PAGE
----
May 18, 2014
We’ve heard the reports of those student pranks that go too far. Some shattered windows at one school. The chopping down of trees on another campus.
Harmless fun? Hardly. Both those examples resulted in real damage to school property, and students were punished.
But what about a threat of violence written on a school wall? Perhaps it was meant as a joke, intended only to disrupt school for a day. But if that was the case in two incidents in Cabell County high schools last week, the perpetrators miscalculated badly.
To school officials and law enforcement agencies, such threats simply cannot be viewed as harmless. In this era, after numerous high-profile killings in schools across the country, they must be taken seriously.
That’s what local authorities did last week.
A student at Huntington High School and another at Cabell Midland High School now face felony charges of making terroristic threats.
Some might view the level of charges against these two students as extreme. But threatening violence at a school — where students should be focused on learning rather than worrying about their safety — is indeed worthy of a serious charge, certainly more than a 10-day suspension. While some may view Columbine and Sandy Hook as isolated instances, they are not.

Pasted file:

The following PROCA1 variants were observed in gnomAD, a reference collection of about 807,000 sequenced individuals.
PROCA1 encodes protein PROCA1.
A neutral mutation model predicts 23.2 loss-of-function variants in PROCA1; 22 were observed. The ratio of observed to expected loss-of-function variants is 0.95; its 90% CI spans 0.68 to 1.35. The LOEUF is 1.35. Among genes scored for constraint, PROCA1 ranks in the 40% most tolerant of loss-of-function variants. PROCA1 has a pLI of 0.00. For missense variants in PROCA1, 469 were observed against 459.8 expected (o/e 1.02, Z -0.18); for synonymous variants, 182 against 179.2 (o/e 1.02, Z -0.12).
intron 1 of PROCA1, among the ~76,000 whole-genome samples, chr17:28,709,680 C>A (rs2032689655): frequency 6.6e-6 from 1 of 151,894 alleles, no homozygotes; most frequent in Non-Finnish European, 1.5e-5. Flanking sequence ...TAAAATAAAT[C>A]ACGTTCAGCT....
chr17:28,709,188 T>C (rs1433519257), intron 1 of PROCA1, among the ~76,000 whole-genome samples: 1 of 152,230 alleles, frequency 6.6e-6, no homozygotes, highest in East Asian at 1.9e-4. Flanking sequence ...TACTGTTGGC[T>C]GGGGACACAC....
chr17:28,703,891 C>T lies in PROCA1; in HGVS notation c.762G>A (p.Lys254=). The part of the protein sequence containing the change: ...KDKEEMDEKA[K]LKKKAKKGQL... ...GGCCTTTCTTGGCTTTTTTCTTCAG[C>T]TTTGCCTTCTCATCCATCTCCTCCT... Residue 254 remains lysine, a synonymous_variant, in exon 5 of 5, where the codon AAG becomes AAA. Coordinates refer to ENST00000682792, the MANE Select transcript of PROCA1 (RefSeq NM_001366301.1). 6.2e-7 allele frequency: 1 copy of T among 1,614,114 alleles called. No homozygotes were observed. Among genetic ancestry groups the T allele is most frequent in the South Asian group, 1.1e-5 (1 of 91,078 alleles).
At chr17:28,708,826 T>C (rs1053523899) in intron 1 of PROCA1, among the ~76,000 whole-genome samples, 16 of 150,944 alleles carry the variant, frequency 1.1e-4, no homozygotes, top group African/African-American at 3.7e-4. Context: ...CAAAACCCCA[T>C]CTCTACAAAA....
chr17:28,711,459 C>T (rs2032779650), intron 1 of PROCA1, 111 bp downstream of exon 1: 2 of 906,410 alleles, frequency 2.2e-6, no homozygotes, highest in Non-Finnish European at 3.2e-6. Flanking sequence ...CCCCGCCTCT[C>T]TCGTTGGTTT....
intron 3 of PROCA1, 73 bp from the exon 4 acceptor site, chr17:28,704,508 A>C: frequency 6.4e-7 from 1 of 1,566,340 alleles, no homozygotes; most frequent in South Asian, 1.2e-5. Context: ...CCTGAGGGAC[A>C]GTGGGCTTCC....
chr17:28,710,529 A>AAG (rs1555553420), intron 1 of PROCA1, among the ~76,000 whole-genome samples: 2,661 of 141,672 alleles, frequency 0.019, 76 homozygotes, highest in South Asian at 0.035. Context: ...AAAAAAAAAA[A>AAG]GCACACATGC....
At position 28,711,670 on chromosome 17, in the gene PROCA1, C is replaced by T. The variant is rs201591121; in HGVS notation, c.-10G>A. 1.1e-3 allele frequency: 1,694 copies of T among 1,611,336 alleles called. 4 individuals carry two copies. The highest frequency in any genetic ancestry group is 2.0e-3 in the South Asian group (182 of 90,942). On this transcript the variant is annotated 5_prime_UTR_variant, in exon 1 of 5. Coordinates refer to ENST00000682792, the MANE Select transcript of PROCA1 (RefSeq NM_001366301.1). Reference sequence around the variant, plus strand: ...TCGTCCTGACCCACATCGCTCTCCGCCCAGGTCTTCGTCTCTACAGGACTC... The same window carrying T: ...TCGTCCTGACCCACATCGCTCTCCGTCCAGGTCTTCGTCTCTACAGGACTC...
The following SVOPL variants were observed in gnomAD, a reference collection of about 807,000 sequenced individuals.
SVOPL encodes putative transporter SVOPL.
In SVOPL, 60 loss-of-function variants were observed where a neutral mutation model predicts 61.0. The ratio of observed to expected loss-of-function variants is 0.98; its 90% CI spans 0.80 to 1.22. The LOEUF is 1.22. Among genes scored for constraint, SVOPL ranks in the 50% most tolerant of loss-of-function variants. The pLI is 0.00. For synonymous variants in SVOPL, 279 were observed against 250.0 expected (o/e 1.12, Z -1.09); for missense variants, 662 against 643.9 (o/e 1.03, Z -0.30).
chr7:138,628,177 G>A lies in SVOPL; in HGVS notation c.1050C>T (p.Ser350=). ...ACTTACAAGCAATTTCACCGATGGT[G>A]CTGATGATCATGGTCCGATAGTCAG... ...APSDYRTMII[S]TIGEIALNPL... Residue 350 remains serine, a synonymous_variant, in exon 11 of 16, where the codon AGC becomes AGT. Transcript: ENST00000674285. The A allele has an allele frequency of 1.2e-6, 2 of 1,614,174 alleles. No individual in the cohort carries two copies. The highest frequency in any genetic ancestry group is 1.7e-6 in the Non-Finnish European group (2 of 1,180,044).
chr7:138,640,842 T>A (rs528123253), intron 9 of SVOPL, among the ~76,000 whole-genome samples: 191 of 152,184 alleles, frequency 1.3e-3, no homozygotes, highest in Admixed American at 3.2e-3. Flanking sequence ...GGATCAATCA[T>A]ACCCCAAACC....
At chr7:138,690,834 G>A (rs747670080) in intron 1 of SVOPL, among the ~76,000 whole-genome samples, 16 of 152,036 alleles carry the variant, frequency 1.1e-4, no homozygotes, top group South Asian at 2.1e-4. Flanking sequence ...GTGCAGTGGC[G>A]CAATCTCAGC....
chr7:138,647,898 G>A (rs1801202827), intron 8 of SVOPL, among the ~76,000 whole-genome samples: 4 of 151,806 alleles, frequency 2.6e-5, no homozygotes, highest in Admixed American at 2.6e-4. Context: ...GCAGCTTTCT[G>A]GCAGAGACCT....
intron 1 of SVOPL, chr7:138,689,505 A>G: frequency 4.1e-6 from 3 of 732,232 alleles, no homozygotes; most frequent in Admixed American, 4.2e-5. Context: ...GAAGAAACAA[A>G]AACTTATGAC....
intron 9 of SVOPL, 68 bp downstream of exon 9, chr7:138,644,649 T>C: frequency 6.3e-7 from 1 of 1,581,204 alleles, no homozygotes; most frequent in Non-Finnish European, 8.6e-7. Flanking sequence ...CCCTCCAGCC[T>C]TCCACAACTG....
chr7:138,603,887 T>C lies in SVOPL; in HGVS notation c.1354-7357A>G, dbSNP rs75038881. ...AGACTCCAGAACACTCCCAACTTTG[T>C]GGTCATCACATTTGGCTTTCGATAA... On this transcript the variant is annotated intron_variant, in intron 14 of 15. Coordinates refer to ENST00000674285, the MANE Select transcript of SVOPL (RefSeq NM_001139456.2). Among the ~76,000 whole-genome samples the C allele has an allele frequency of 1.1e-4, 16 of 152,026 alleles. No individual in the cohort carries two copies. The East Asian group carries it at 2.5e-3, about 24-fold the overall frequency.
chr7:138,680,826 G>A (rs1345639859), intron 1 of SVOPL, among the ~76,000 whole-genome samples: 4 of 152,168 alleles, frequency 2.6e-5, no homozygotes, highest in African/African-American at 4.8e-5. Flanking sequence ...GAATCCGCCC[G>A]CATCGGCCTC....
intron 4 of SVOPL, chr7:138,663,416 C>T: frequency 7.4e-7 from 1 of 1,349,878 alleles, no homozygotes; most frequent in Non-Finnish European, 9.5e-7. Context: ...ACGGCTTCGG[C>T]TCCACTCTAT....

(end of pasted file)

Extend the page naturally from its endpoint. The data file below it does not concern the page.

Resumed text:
A recent report by the Washington Post spelled out that since the Connecticut killings, 33 shootings have occurred on public school or college campuses, with 12 of those resulting in at least homicide. The context of what’s happened across the nation cannot be ignored, and the consequences for threatening violence in schools should be serious, including the involvement of law enforcement agencies.
In regard to the two Cabell County incidents, we credit both school officials and police for reacting appropriately.
Cabell County Schools officials no doubt have informed their students about the potential consequences of violent threats, whether real or just a lark. However, they may want to review how that message can be reinforced in the future. Students, and their parents, should take note of what has happened in these two cases. Two students face potentially serious black marks on their records — blemishes that could have repercussions for years to come.
— The Herald-Dispatch, Huntington